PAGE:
Where a worker is required to sleep-over within the workplace, but may only be woken if needed to carry out a specific duty, the worker is only entitled to the National Minimum Wage (NMW) for the time they are required to be awake, for the purpose of working, they are not entitled to the NMW for the whole shift.

In the case of Royal Mencap Society v Tomlinson-Blake, Ms Tomlinson-Blake was a carer for two adults in their own home.  As well as working day shifts, she was required to carry out a sleep-over shift between 10pm and 7am for which she received a payment of £29.05.  During the sleep-over shift, she was not required to carry out any duties but was required to remain at the clients’ house and keep an ear out in case she was needed.  Ms Tomlinson-Blake had her own bedroom, together with a shared bathroom.

Ms Tomlinson-Blake claimed that she was entitled to the NMW for the whole sleep-over shift.  The Employment Tribunal and Employment Appeal Tribunal (EAT) upheld her claim, ruling that she was working for the whole of the shift.

Mencap appealed to the Court of Appeal who upheld the appeal.  The Employment Tribunal and EAT should have concluded that she was available for work, rather than working, and that the sleep-over exception in the National Minimum Wage Regulations 2015 applied – she slept by arrangement at her place of work and was provided with suitable facilities for doing so.  Therefore, only the hours when she was required to be awake for the purposes of working counted for NMW purposes.

This is an important decision for employers in the care sector who engage workers to carry out sleep-over shifts at work.  The Court of Appeal reviewed and, in effect, overturned a significant number of previous authorities on the treatment of sleep-over shifts for NMW purposes.  Workers who carry out sleep-over shifts at work are only entitled to the NMW Wage for those hours where they are awake and working.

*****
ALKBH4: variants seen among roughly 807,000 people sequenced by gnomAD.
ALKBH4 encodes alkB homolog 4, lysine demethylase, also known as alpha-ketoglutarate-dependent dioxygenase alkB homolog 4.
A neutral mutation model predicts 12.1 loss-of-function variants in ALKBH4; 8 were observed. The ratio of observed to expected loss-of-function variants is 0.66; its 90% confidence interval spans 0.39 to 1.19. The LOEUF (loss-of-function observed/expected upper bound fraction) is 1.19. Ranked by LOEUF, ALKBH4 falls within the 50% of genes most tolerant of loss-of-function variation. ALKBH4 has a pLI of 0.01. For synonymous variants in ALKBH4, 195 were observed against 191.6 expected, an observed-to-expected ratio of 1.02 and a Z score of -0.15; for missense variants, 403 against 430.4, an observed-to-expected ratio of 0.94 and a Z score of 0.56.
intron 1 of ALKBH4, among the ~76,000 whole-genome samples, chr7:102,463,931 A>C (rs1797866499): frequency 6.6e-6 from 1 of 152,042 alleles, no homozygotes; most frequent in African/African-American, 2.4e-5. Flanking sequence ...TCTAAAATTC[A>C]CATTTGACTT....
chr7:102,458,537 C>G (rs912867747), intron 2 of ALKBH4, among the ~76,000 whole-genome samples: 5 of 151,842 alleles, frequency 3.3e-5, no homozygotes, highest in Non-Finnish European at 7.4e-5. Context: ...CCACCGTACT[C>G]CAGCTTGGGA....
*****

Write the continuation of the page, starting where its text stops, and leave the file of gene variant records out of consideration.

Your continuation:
It is important to note, that the judgment only deals with the situation where a worker is expected to sleep all or most of the shift but should be available if required.  It makes it clear that it is not dealing with cases where a worker may be permitted to sleep between tasks.  For example, a night security guard who is responsible for patrolling premises from time to time throughout the night but who is permitted to sleep for short periods between patrols and is given a mattress to sleep on in an office, would be regarded as working throughout his shift and entitled to the NMW for the whole shift.

For further advice and support on what counts as working time and NMW contact us at Solve.

 

In the case of Ali v Torrosian and others (t/a Bedford Hill Family Practice), Dr Ali was on long term sick absence following a heart attack, which was accepted as a disability.  A medical report stated that it was unlikely he would be able to return to work on a full-time basis but that he could return on a phased, part-time basis.  Dr Ali was then signed off work for six weeks due to a shoulder injury.  On the expiry of that certificate his employer dismissed him on grounds of capability.

Dr Ali claimed that he was unfairly dismissed and discriminated against due to his disability.  The Employment Tribunal (ET) found that his dismissal was unfair due to this employer’s failure to consider a return to work on a part-time basis, but rejected his discrimination claim, finding that his dismissal was justified by the employer’s legitimate aim of ensuring that it provided the best possible care to patients.